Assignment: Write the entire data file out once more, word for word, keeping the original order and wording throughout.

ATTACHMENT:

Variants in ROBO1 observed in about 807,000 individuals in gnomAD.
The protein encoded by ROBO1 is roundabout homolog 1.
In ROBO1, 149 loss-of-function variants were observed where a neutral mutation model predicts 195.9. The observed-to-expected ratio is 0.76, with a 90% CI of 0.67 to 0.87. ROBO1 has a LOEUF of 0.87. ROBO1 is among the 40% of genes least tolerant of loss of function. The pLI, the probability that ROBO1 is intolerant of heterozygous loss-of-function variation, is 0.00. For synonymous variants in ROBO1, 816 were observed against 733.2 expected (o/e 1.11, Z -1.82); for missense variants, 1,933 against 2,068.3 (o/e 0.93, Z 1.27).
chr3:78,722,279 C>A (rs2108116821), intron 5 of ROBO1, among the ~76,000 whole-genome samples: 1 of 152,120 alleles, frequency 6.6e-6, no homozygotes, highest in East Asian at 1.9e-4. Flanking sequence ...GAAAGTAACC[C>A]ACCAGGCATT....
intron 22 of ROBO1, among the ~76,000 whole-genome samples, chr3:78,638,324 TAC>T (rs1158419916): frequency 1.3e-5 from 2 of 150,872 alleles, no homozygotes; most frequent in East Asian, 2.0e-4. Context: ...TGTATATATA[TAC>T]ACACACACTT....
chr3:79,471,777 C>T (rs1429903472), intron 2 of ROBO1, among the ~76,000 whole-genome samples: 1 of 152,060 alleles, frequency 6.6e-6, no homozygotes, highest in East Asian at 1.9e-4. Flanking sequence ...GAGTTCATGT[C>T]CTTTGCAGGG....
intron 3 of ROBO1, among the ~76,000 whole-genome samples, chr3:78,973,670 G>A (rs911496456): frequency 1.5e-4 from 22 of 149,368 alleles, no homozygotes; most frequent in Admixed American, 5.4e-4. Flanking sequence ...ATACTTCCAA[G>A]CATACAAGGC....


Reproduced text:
Variants in ROBO1 observed in about 807,000 individuals in gnomAD.
The protein encoded by ROBO1 is roundabout homolog 1.
In ROBO1, 149 loss-of-function variants were observed where a neutral mutation model predicts 195.9. The observed-to-expected ratio is 0.76, with a 90% CI of 0.67 to 0.87. ROBO1 has a LOEUF of 0.87. ROBO1 is among the 40% of genes least tolerant of loss of function. The pLI, the probability that ROBO1 is intolerant of heterozygous loss-of-function variation, is 0.00. For synonymous variants in ROBO1, 816 were observed against 733.2 expected (o/e 1.11, Z -1.82); for missense variants, 1,933 against 2,068.3 (o/e 0.93, Z 1.27).
chr3:78,722,279 C>A (rs2108116821), intron 5 of ROBO1, among the ~76,000 whole-genome samples: 1 of 152,120 alleles, frequency 6.6e-6, no homozygotes, highest in East Asian at 1.9e-4. Flanking sequence ...GAAAGTAACC[C>A]ACCAGGCATT....
intron 22 of ROBO1, among the ~76,000 whole-genome samples, chr3:78,638,324 TAC>T (rs1158419916): frequency 1.3e-5 from 2 of 150,872 alleles, no homozygotes; most frequent in East Asian, 2.0e-4. Context: ...TGTATATATA[TAC>T]ACACACACTT....
chr3:79,471,777 C>T (rs1429903472), intron 2 of ROBO1, among the ~76,000 whole-genome samples: 1 of 152,060 alleles, frequency 6.6e-6, no homozygotes, highest in East Asian at 1.9e-4. Flanking sequence ...GAGTTCATGT[C>T]CTTTGCAGGG....
intron 3 of ROBO1, among the ~76,000 whole-genome samples, chr3:78,973,670 G>A (rs911496456): frequency 1.5e-4 from 22 of 149,368 alleles, no homozygotes; most frequent in Admixed American, 5.4e-4. Flanking sequence ...ATACTTCCAA[G>A]CATACAAGGC....